Ordnance QF 95 mm howitzer
|Ordnance QF 95 mm howitzer|
Centaur tank with 95mm gun
|Place of origin||United Kingdom|
|In service||1944 -|
|Used by||British Army|
|Wars||World War II|
|Weight||867 lb (393 kg)|
|Length||7 ft (2.1 m)|
|Calibre||95 mm (3.7 in) L/18.65|
|Elevation||-5° to +30°|
|Rate of fire||7 rounds per minute|
|Muzzle velocity||330 m/s (1,100 ft/s)|
|Effective firing range||7,315 m (8,000 yd)|
The Ordnance QF 95-mm howitzer was a British howitzer built in two versions during the Second World War. The tank howitzer version was accepted for service use, but an infantry howitzer version was not accepted for service use.
Design and development
The Ordnance QF 95-mm tank howitzer was designed to be fitted to some later British tanks so they could lay smoke screens or fire HE or HEAT/Hollow Charge shell against concrete targets like pillboxes in the "close support" of infantry. A HESH round may have been issued after World War II. The 95mm howitzer used fixed ammunition with a 25 lb (11 kg) projectile, rather than separate charge and round common for artillery howitzers. The tank howitzer was used to arm the Churchill Mark V and VIII, the Cromwell VI & VIII and the Centaur IV tanks. The Ordnance QF 95 mm howitzer was built up from a section of a 3.7-inch anti-aircraft gun barrel, the breech mechanism of the Ordnance QF 25 pounder field gun/howitzer and the recoil mechanism of the Ordnance QF 6 pounder anti-tank gun. The tank howitzer version was also fitted with a large counterweight at the end of the barrel to help balance the gun. In most regiments the 95-mm-armed tanks were issued to regimental or squadron HQ troops at the rate of two vehicles per HQ.
The only variant of the Centaur tank (a Cromwell tank with a less powerful engine) to see action was the 95 mm armed Mark IV. For the Normandy landings, the Royal Marine Armoured Support Group was formed with an establishment of eighty Mark IVs.
The Ordnance QF 95-mm infantry howitzer was a version built as a conventional towed artillery piece. Perhaps in response to the success of the German sIG 33, a proposal was circulated in the summer of 1942 by the British Army for an infantry howitzer for direct fire against concrete structures, like pillboxes. The 95 mm tank howitzer already under development was considered to be a logical starting point for the design of the new howitzer. The infantry howitzer version was similar to the tank howitzer, except the infantry howitzer lacked the barrel counterweight and was placed on a box-trail carriage and given a gun shield.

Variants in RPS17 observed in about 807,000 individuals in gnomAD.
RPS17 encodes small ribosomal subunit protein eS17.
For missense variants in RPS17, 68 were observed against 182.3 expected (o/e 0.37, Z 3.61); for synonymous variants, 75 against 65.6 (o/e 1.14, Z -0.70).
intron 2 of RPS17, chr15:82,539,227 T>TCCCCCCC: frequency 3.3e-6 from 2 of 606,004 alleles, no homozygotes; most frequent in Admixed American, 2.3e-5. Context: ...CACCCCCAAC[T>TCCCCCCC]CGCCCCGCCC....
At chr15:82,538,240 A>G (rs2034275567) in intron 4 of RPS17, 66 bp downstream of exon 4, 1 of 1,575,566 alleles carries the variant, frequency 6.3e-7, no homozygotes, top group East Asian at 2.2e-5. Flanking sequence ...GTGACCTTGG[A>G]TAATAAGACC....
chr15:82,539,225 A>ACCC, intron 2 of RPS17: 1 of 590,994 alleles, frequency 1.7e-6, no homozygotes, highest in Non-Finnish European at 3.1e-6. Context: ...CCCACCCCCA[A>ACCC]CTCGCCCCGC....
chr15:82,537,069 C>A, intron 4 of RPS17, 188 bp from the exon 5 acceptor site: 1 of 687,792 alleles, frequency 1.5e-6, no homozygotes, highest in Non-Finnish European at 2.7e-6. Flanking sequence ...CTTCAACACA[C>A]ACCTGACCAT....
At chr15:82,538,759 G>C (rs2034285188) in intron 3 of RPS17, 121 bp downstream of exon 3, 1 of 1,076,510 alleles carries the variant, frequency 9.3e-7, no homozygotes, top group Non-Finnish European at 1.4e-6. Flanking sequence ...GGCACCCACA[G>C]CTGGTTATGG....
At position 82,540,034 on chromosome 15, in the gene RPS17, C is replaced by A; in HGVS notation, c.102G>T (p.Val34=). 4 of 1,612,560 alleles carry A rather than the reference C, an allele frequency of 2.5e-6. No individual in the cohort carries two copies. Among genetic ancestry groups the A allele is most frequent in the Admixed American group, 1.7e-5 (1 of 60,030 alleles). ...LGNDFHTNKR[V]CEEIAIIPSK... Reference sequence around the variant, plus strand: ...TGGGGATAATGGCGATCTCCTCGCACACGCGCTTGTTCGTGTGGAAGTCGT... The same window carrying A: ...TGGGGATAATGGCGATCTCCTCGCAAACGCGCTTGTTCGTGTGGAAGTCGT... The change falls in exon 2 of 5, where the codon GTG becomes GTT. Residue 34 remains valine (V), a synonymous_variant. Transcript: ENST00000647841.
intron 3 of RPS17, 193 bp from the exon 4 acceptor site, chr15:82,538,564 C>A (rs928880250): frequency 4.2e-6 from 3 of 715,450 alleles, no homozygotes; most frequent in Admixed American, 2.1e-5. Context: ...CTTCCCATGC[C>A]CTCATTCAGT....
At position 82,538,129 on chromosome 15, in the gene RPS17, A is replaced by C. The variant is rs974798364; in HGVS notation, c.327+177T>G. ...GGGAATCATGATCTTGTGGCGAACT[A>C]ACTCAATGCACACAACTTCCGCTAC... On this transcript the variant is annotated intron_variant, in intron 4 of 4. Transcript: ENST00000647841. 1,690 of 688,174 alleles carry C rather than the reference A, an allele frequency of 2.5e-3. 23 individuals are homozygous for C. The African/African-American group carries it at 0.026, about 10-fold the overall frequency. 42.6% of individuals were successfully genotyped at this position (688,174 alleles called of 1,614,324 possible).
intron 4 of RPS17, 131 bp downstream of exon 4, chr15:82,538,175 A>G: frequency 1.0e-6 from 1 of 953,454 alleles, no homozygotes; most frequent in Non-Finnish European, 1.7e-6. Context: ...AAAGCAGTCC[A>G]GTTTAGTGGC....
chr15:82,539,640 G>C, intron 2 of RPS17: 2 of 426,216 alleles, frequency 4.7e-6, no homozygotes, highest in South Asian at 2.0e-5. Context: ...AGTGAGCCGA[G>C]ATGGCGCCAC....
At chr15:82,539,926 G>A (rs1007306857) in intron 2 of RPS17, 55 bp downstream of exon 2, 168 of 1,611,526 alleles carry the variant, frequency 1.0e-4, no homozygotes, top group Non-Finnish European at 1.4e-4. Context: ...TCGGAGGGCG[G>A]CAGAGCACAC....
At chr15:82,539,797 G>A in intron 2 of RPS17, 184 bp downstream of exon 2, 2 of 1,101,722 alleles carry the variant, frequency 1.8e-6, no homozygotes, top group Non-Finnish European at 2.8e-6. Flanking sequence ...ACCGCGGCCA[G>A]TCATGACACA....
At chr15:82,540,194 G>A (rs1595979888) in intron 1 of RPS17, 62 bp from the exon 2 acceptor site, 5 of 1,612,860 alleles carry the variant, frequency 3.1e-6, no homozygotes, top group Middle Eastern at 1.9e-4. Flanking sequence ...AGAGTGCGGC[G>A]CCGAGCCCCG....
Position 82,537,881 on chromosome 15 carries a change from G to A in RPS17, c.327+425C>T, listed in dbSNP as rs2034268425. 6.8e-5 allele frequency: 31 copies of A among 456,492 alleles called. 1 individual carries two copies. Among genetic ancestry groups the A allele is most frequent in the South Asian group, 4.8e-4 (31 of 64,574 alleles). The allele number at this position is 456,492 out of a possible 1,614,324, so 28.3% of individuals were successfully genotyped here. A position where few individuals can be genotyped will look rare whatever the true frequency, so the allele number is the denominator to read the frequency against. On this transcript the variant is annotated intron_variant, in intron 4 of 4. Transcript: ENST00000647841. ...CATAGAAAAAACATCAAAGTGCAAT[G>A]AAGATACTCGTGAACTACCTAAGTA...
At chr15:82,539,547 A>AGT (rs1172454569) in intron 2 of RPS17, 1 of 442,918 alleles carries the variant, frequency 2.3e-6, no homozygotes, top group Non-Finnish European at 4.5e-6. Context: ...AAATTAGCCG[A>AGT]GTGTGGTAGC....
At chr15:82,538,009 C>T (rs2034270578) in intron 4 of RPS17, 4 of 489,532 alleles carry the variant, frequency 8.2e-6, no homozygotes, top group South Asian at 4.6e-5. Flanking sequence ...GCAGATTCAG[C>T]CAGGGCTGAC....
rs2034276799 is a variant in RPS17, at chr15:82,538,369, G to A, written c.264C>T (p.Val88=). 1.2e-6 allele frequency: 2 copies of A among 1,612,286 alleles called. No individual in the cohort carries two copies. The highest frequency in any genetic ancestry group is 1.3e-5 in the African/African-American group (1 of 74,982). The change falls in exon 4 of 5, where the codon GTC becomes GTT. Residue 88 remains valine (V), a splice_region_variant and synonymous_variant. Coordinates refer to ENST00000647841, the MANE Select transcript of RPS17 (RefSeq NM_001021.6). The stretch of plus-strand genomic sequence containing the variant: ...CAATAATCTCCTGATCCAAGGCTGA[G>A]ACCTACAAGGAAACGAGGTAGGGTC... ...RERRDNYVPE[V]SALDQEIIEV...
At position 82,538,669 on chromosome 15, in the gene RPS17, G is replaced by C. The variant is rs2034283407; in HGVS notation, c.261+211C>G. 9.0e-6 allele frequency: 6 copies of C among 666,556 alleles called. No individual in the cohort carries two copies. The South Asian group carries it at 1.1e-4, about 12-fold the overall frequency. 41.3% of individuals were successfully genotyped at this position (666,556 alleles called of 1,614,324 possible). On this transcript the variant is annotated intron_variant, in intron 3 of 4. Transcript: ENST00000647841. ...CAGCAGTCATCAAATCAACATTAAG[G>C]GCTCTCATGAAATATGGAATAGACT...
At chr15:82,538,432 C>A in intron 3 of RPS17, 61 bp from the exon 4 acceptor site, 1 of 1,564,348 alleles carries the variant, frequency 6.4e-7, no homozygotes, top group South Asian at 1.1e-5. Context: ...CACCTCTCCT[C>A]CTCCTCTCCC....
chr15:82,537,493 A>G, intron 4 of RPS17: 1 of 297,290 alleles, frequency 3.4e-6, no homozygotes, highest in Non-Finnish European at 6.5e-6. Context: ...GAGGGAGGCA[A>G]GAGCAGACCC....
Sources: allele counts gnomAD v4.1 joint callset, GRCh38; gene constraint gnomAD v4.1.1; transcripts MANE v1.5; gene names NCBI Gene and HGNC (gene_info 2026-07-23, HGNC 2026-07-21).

Testing in 1943 showed that both the recoil system and the carriage were over stressed and redesign was needed, which delayed testing and introduction of the infantry howitzer until 1944. However the problems with the recoil mechanism and carriage were never fully ironed out and the weapon was refused by the infantry and declared obsolete in April 1945 but not before several hundred examples were produced.
The decision to reject the infantry howitzer may have not been based entirely on the deficiencies of the gun but due to obsolescence and organizational difficulties. The introduction of the bazooka and recoilless rifles such as the Burney 3.45in may have influenced the decision to refuse the gun since they were lighter, less expensive, portable and fulfilled the direct fire use of the infantry howitzer. Organizationally there was also the question of who would man the gun; the infantry already had to support and transport anti-tank guns, anti-aircraft guns, mortars and heavy machine guns. Gun crews would need to be trained and provided with services such as transportation, supply and communications.
- Name: Ordnance QF 95mm infantry howitzer
- Number built: 800
- Crew: 6
- Calibre: 95 mm (3.7 in)
- Barrel length: 85.5 in (2.17 m)
- Weight in action: 945 kg (2,083 lb)
- Elevation: -5 to +30 degrees
- Traverse: 8 degrees
- Rate of fire: 7 rounds per minute
- Muzzle velocity: 330 m/s (1,100 ft/s)
- Range: 7,315 m (8,000 yd)
Notes and references
- Churchill tank Vehicle History and specification, HMSO
- Hogg, Ian Twentieth-Century Artillery . p. 175
- History Of The Second World War Marshall and Cavendish. p. 2079
- Land Power A Modern Illustrated Military History. p. 210